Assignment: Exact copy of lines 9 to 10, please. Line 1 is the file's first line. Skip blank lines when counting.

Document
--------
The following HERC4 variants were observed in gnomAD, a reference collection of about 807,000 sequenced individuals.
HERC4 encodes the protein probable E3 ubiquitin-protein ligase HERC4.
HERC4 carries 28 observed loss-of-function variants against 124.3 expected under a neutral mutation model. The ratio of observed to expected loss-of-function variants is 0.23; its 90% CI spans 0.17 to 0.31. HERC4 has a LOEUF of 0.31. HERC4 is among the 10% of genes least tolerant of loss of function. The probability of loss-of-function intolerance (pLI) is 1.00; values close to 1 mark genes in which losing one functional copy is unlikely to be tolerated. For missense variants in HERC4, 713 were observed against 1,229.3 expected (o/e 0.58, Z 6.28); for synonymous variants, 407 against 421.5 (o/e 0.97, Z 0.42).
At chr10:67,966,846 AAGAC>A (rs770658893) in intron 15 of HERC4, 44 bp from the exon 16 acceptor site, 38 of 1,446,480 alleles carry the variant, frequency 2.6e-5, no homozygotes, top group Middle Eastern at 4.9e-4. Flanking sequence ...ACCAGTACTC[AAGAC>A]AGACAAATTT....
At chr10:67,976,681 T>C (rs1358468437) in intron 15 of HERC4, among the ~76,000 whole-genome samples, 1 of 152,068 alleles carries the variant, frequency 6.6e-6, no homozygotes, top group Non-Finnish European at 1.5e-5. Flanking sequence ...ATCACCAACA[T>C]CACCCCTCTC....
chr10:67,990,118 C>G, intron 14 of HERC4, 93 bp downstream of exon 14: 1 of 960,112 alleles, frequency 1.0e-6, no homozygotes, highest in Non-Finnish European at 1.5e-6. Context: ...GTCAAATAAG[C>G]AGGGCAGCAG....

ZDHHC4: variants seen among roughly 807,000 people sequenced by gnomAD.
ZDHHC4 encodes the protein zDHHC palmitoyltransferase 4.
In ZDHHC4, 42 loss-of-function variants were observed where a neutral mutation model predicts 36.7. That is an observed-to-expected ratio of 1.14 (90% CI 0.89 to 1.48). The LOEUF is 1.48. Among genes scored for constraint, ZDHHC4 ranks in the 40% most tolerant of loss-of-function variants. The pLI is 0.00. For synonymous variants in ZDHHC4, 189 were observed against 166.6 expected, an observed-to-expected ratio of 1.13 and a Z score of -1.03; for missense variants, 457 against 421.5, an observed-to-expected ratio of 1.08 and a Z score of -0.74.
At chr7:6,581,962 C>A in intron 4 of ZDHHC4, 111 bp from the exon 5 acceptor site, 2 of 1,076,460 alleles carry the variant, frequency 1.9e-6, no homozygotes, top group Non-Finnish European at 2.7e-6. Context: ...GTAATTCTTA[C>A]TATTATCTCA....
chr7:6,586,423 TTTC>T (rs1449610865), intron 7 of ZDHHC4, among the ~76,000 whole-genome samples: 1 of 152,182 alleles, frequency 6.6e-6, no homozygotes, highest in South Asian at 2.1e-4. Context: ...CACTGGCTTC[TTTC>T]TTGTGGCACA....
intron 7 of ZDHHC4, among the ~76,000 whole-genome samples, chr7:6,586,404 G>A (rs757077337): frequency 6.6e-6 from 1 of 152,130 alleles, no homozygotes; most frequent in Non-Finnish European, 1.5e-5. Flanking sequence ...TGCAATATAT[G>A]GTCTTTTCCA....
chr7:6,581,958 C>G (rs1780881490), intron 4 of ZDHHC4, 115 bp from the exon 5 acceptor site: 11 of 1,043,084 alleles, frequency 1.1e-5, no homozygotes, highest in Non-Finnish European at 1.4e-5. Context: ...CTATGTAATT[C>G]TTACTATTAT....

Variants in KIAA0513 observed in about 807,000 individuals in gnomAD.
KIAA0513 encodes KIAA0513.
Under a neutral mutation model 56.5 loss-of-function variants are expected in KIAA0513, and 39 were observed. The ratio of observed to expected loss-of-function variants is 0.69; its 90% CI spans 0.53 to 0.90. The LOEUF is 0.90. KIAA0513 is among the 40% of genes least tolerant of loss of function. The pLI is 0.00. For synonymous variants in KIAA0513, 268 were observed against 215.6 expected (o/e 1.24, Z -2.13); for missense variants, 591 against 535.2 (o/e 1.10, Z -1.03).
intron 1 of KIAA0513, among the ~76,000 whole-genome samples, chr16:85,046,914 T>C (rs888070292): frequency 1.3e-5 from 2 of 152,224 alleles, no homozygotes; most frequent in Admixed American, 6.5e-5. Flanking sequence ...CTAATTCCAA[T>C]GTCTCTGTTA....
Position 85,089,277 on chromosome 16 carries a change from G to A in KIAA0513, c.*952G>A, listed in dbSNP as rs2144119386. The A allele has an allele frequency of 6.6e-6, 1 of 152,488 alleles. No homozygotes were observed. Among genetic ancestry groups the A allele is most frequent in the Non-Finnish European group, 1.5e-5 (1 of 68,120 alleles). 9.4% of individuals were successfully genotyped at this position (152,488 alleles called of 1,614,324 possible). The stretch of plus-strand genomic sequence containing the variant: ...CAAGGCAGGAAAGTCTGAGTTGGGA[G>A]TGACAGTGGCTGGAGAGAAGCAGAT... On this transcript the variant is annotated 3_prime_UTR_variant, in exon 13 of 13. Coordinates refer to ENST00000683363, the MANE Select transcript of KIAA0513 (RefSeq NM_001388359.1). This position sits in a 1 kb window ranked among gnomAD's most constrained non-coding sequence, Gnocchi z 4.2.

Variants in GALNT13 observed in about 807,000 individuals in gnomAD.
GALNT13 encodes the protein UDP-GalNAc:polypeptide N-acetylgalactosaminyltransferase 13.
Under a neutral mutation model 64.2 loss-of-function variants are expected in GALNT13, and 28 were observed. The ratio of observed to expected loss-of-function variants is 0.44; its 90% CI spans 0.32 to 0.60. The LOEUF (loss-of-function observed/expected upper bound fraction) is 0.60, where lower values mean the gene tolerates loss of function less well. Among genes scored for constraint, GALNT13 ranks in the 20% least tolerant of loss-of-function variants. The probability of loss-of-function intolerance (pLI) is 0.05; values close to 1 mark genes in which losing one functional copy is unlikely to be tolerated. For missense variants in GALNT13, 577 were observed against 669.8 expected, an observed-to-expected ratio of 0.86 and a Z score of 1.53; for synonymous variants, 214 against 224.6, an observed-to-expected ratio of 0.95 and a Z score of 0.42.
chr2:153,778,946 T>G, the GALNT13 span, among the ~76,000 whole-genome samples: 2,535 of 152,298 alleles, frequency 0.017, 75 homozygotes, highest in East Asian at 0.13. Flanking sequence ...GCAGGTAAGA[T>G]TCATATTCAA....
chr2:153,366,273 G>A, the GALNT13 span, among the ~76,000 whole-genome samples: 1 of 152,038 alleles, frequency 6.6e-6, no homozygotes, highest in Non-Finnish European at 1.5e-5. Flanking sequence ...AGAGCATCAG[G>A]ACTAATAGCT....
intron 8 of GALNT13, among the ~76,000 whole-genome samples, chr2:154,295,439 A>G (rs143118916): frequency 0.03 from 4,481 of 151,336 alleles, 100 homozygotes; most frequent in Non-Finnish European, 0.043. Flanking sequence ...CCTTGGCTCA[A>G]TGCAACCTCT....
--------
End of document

In ZDHHC4, 42 loss-of-function variants were observed where a neutral mutation model predicts 36.7. That is an observed-to-expected ratio of 1.14 (90% CI 0.89 to 1.48). The LOEUF is 1.48. Among genes scored for constraint, ZDHHC4 ranks in the 40% most tolerant of loss-of-function variants. The pLI is 0.00. For synonymous variants in ZDHHC4, 189 were observed against 166.6 expected, an observed-to-expected ratio of 1.13 and a Z score of -1.03; for missense variants, 457 against 421.5, an observed-to-expected ratio of 1.08 and a Z score of -0.74.
At chr7:6,581,962 C>A in intron 4 of ZDHHC4, 111 bp from the exon 5 acceptor site, 2 of 1,076,460 alleles carry the variant, frequency 1.9e-6, no homozygotes, top group Non-Finnish European at 2.7e-6. Context: ...GTAATTCTTA[C>A]TATTATCTCA....